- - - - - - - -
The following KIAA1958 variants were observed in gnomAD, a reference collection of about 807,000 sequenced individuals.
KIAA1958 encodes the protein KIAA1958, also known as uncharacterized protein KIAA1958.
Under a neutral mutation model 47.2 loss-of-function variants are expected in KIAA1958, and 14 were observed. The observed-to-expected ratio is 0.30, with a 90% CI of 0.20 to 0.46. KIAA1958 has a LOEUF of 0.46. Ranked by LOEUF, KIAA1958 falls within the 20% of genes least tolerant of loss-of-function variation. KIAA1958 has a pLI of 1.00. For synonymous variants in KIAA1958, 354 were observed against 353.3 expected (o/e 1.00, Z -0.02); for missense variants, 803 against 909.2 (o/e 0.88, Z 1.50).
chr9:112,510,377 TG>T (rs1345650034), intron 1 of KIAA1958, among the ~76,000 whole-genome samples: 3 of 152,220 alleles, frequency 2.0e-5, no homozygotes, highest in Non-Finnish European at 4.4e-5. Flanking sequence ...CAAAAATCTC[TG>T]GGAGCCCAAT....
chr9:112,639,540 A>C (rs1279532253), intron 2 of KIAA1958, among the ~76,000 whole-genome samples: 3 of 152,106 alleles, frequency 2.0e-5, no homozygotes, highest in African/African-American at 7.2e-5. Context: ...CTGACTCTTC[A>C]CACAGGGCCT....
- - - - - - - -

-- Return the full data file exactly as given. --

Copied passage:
The following KIAA1958 variants were observed in gnomAD, a reference collection of about 807,000 sequenced individuals.
KIAA1958 encodes the protein KIAA1958, also known as uncharacterized protein KIAA1958.
Under a neutral mutation model 47.2 loss-of-function variants are expected in KIAA1958, and 14 were observed. The observed-to-expected ratio is 0.30, with a 90% CI of 0.20 to 0.46. KIAA1958 has a LOEUF of 0.46. Ranked by LOEUF, KIAA1958 falls within the 20% of genes least tolerant of loss-of-function variation. KIAA1958 has a pLI of 1.00. For synonymous variants in KIAA1958, 354 were observed against 353.3 expected (o/e 1.00, Z -0.02); for missense variants, 803 against 909.2 (o/e 0.88, Z 1.50).
chr9:112,510,377 TG>T (rs1345650034), intron 1 of KIAA1958, among the ~76,000 whole-genome samples: 3 of 152,220 alleles, frequency 2.0e-5, no homozygotes, highest in Non-Finnish European at 4.4e-5. Flanking sequence ...CAAAAATCTC[TG>T]GGAGCCCAAT....
chr9:112,639,540 A>C (rs1279532253), intron 2 of KIAA1958, among the ~76,000 whole-genome samples: 3 of 152,106 alleles, frequency 2.0e-5, no homozygotes, highest in African/African-American at 7.2e-5. Context: ...CTGACTCTTC[A>C]CACAGGGCCT....